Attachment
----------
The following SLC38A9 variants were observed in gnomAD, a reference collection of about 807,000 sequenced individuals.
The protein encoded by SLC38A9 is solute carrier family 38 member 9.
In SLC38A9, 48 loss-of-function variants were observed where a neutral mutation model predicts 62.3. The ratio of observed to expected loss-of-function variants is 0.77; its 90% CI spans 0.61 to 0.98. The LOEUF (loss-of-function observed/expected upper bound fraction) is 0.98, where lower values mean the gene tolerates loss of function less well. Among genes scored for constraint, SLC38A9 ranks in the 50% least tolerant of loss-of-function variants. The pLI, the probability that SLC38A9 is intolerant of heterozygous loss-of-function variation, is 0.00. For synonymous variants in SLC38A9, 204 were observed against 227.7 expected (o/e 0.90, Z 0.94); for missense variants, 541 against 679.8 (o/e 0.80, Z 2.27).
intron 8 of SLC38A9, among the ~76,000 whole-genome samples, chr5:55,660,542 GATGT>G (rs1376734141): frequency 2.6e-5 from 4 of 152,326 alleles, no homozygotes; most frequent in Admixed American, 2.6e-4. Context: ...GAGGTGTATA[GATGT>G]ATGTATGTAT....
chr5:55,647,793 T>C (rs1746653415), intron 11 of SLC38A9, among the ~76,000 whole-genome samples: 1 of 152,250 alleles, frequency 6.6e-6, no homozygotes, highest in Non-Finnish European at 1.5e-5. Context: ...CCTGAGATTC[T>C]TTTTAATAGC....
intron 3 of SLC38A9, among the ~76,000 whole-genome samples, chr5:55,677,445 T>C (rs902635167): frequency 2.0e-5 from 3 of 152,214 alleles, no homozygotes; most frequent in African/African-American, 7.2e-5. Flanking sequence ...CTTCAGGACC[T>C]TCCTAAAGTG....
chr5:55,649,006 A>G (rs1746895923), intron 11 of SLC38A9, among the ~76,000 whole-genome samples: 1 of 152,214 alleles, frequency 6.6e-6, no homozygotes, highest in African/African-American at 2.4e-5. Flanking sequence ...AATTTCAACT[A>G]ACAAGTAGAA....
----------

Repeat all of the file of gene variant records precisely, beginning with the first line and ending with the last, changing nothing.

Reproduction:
The following SLC38A9 variants were observed in gnomAD, a reference collection of about 807,000 sequenced individuals.
The protein encoded by SLC38A9 is solute carrier family 38 member 9.
In SLC38A9, 48 loss-of-function variants were observed where a neutral mutation model predicts 62.3. The ratio of observed to expected loss-of-function variants is 0.77; its 90% CI spans 0.61 to 0.98. The LOEUF (loss-of-function observed/expected upper bound fraction) is 0.98, where lower values mean the gene tolerates loss of function less well. Among genes scored for constraint, SLC38A9 ranks in the 50% least tolerant of loss-of-function variants. The pLI, the probability that SLC38A9 is intolerant of heterozygous loss-of-function variation, is 0.00. For synonymous variants in SLC38A9, 204 were observed against 227.7 expected (o/e 0.90, Z 0.94); for missense variants, 541 against 679.8 (o/e 0.80, Z 2.27).
intron 8 of SLC38A9, among the ~76,000 whole-genome samples, chr5:55,660,542 GATGT>G (rs1376734141): frequency 2.6e-5 from 4 of 152,326 alleles, no homozygotes; most frequent in Admixed American, 2.6e-4. Context: ...GAGGTGTATA[GATGT>G]ATGTATGTAT....
chr5:55,647,793 T>C (rs1746653415), intron 11 of SLC38A9, among the ~76,000 whole-genome samples: 1 of 152,250 alleles, frequency 6.6e-6, no homozygotes, highest in Non-Finnish European at 1.5e-5. Context: ...CCTGAGATTC[T>C]TTTTAATAGC....
intron 3 of SLC38A9, among the ~76,000 whole-genome samples, chr5:55,677,445 T>C (rs902635167): frequency 2.0e-5 from 3 of 152,214 alleles, no homozygotes; most frequent in African/African-American, 7.2e-5. Flanking sequence ...CTTCAGGACC[T>C]TCCTAAAGTG....
chr5:55,649,006 A>G (rs1746895923), intron 11 of SLC38A9, among the ~76,000 whole-genome samples: 1 of 152,214 alleles, frequency 6.6e-6, no homozygotes, highest in African/African-American at 2.4e-5. Flanking sequence ...AATTTCAACT[A>G]ACAAGTAGAA....